“The decision [to modify the guidelines] could have been a stealth decision when Daniel Russel was assistant secretary because, if publicly known, it would have aroused considerable anger in Taiwan,” said William Stanton, a former U.S. diplomat who served from 2009 to 2012 as the director of American Institute in Taiwan, the de facto U.S. embassy to the island nation.
Stanton, who is now a professor at National Taiwan University, said that U.S. government contractors are unlikely to make the move to remove the flag of Taiwan on their own, as Thornton initially suggested to Rubio. He also said that it is “improbable” that a career diplomat such as Thornton would misspeak with regard to such a controversial event in a Senate hearing.
The State Department’s EAP Bureau responded to The Epoch Times’ request for comment with only a short policy talking point, and did not address any questions concerning Thornton’s hearing or the removal of Taiwan’s flag. The Epoch Times could not reach Thornton directly for comment.
“The United States remains committed to our one-China policy based on the three joint communiqués and the Taiwan Relations Act. Our longstanding policy has not changed, which has been consistent across decades and presidential administrations,” said State Department spokesperson Grace Choi.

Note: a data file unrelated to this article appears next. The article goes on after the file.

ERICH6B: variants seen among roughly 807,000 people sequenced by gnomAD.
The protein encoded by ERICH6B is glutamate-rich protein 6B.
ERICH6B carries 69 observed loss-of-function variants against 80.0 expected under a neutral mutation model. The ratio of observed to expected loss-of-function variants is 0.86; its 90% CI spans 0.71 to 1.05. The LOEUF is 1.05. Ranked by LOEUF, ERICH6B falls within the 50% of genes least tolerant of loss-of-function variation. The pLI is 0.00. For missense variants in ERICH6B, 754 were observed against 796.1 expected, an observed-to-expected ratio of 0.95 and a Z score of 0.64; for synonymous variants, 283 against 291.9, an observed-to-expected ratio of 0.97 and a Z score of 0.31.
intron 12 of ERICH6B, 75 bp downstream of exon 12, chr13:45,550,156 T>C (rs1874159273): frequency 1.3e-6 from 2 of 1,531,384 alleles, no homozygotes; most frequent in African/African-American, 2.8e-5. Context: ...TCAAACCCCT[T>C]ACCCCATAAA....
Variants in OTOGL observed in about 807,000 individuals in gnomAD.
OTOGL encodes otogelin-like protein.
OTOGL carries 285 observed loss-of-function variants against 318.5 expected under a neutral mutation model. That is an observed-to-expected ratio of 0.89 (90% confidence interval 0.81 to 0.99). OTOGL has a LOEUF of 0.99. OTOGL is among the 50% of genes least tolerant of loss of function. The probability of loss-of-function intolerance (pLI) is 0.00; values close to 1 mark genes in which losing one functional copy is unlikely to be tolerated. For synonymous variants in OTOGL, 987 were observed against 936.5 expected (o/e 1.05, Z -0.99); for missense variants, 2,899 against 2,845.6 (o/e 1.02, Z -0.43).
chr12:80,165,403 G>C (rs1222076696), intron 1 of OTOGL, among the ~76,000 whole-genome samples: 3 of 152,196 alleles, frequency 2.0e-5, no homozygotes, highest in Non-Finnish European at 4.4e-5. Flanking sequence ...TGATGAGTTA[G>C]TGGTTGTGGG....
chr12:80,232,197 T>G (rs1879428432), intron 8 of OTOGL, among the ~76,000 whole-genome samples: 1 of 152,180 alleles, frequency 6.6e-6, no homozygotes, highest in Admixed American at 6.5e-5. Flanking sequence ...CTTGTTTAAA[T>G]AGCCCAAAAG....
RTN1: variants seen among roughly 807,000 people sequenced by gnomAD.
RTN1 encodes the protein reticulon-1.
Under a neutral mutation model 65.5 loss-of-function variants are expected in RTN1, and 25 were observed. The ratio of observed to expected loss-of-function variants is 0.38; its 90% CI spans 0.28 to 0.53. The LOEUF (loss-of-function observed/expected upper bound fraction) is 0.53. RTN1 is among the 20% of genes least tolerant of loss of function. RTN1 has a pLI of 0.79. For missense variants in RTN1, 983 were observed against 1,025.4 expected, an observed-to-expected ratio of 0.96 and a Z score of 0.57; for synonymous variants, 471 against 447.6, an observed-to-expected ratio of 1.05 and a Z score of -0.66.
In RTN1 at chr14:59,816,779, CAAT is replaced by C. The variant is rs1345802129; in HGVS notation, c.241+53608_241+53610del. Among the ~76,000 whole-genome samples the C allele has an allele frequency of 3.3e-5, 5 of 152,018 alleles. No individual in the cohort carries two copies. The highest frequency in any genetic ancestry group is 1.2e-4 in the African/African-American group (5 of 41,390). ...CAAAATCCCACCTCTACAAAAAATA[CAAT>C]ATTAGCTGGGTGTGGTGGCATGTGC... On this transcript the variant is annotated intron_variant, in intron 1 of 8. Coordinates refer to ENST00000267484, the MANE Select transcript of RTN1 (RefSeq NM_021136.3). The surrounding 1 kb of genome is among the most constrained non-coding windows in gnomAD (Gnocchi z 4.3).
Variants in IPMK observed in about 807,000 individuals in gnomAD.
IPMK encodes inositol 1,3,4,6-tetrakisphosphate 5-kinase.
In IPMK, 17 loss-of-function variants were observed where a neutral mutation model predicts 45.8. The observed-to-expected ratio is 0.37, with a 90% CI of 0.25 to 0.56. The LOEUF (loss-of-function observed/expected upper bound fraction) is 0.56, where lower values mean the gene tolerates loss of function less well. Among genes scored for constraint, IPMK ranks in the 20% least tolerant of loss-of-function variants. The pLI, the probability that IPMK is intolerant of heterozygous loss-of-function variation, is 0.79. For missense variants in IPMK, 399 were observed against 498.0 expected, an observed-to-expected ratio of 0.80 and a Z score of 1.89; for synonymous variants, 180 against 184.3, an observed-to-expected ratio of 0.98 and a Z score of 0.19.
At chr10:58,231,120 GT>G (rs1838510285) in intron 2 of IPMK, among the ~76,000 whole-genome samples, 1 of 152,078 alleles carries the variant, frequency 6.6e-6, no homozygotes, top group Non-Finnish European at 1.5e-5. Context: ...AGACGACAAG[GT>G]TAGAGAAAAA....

Bowing to Beijing’s Pressure
Thornton’s nomination is being actively opposed by Rubio and Trump administration officials, at a time when Trump’s national security strategy has labeled China specifically as a strategic rival, in response to the regime’s ever-growing aggression.
“On every tactical question of consequence on Asia since the inauguration, Susan has been opposed to taking serious action to counter Chinese economic and political aggression,” said a senior White House official quoted by The Washington Post.
June Teufel Dreyer, professor of political science at the University of Miami, told The Epoch Times, “[Thornton] is part of the same group of entrenched bureaucrats that Trump promised to change.” Dreyer also pointed out that Thornton’s conciliatory stance toward Beijing is sharply at odds with that of John Bolton, Trump’s new national security adviser, who is well-known for advocating a hardline approach in dealing with China.